A Facebook post from a juror may overturn wrongful death verdict

A Facebook post from a juror may overturn wrongful death verdict

An overly social jury foreman started to talk to his friends about the trial on his public Facebook page. Now the verdict in a wrongful death case may be overturned. The juror posted comments revealing that he was the foreman and bragged about speedy deliberations.

“Yes, I was the jury foreman [sic]…Complete deliberations and verdict delivered in under one hour,” the foreman posted. “Civic duty fulfilled and justice served. Now, where is my cocktail????”

The case involved the death of Lindy Taylor. Ms. Taylor had presented to the hospital with a swollen left leg and was allegedly misdiagnosed, then developed brain damage and died. Ms. Taylor’s family brought suit against the medical providers who failed to properly diagnose her condition. The jurors returned a defense verdict in less than an hour. The family’s attorney is appealing its loss to the Court of Appeals claiming they did not get a fair trial as a result of the jury foreman’s Facebook posts.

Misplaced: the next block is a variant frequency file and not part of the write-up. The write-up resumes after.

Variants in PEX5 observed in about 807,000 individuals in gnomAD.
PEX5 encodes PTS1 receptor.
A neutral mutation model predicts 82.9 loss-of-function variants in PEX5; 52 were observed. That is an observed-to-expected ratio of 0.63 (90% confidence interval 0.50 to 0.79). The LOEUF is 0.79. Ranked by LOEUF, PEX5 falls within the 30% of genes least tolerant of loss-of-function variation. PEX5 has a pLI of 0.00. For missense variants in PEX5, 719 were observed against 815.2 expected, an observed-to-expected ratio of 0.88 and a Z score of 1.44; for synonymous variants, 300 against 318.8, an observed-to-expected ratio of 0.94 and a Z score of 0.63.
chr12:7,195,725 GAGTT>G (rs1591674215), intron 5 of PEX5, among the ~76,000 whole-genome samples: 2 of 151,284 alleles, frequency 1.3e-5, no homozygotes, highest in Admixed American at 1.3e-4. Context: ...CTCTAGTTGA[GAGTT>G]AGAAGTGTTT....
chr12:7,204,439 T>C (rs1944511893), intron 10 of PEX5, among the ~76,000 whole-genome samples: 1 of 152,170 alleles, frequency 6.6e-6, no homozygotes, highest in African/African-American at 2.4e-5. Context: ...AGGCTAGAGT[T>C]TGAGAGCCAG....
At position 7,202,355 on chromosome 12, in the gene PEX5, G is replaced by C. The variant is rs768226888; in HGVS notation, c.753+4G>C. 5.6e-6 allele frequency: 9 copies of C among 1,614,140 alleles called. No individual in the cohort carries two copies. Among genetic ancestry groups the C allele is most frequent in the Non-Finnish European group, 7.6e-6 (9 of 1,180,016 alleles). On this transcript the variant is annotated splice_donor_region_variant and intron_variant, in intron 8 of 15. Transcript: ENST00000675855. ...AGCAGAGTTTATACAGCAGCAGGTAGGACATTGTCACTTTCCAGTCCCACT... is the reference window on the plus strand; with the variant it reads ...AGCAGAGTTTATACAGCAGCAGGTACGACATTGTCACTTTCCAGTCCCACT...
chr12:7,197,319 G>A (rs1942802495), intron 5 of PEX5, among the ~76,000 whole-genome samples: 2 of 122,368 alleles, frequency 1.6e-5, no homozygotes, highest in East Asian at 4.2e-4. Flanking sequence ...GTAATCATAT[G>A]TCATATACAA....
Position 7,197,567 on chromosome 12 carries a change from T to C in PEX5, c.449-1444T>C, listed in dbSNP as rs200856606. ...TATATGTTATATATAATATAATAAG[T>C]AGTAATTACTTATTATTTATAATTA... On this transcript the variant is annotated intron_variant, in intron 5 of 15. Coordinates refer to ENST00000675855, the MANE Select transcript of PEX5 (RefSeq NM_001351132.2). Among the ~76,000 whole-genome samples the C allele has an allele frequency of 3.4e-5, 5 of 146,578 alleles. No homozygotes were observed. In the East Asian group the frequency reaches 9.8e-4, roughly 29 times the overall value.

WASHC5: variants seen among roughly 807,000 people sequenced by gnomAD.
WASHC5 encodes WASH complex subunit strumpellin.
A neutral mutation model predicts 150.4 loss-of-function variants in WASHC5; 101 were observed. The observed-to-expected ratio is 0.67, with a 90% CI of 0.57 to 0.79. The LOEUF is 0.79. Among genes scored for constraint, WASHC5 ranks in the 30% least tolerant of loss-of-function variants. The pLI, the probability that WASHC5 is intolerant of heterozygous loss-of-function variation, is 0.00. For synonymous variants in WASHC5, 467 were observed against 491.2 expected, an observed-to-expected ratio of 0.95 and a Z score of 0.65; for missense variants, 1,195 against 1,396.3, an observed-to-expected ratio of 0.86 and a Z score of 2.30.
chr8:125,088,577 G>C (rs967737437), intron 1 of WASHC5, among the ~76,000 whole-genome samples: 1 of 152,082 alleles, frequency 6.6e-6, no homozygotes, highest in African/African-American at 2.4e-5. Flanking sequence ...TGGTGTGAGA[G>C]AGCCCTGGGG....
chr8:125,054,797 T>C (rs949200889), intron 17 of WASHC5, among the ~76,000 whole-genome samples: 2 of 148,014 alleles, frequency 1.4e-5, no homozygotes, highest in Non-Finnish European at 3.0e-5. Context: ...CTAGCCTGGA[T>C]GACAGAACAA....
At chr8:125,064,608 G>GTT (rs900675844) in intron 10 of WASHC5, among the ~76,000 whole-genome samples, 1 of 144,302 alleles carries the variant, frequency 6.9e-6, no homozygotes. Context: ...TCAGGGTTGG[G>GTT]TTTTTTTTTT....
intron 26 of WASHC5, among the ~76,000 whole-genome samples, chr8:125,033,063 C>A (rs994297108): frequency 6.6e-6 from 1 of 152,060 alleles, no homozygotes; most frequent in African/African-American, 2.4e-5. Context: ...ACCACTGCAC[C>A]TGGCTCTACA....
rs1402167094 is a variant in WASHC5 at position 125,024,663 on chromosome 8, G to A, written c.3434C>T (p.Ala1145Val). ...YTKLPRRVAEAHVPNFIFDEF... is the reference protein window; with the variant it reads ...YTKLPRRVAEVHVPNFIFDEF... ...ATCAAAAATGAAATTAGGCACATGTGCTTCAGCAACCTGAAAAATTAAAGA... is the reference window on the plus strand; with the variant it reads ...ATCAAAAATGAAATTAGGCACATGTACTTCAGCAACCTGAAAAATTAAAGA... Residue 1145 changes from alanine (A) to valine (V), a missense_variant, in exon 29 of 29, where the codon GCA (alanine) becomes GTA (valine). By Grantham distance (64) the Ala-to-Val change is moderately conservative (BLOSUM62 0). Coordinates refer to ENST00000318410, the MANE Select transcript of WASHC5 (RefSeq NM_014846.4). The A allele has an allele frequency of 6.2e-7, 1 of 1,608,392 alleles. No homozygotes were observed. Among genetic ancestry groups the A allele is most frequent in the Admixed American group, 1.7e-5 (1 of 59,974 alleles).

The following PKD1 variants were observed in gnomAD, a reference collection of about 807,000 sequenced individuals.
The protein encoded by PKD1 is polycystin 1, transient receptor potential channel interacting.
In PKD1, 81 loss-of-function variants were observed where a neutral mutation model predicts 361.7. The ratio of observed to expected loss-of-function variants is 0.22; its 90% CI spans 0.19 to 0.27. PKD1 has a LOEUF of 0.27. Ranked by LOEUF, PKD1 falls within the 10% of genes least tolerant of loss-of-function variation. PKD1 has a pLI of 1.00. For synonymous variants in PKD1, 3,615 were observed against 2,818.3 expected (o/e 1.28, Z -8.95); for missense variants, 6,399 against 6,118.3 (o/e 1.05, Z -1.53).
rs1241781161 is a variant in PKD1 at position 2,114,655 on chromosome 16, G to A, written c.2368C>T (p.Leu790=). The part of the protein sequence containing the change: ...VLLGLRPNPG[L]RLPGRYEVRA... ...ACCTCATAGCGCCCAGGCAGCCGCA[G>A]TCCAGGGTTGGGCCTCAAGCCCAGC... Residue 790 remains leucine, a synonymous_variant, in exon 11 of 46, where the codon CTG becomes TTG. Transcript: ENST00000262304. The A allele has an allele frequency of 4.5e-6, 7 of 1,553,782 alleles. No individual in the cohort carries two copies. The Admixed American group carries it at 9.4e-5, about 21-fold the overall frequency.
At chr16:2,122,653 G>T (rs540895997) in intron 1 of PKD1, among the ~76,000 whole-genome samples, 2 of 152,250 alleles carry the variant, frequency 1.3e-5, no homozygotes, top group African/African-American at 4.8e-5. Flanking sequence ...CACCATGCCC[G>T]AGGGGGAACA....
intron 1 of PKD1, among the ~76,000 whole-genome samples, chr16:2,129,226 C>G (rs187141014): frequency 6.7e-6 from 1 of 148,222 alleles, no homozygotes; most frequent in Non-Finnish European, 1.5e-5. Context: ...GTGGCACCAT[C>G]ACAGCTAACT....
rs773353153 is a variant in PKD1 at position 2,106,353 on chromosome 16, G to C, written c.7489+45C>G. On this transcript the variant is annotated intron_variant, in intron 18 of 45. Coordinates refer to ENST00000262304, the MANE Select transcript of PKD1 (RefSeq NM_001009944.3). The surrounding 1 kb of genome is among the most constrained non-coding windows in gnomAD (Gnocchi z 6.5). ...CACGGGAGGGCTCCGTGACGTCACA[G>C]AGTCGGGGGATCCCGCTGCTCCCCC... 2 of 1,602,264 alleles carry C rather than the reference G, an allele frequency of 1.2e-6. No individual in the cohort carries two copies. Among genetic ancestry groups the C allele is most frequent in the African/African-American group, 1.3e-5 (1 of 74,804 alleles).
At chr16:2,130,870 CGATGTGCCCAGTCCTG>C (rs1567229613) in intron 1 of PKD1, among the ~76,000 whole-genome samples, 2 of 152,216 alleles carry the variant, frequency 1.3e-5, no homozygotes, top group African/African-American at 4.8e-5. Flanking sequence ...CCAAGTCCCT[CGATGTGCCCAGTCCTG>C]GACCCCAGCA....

Judges instruct jurors not to talk about the case. With the new age of social media, often judges will even go so far as to instruct jurors to not communicate about the case on their Facebook or other social websites.

Even if it is unethical for the juror to chat about trial on social networks that alone will not get the verdict thrown out. Prejudice has to be proven and that you were denied the right to an impartial juror. Looking at the friend’s responses to the posts made is more likely what will be of concern. It can show that the juror was influenced by outside parties.

Source: Lawyer.com. “Juror’s Facebook Posts May Overturn Wrongful Death Verdict” By Siliva Hsieh. February 14, 2013.

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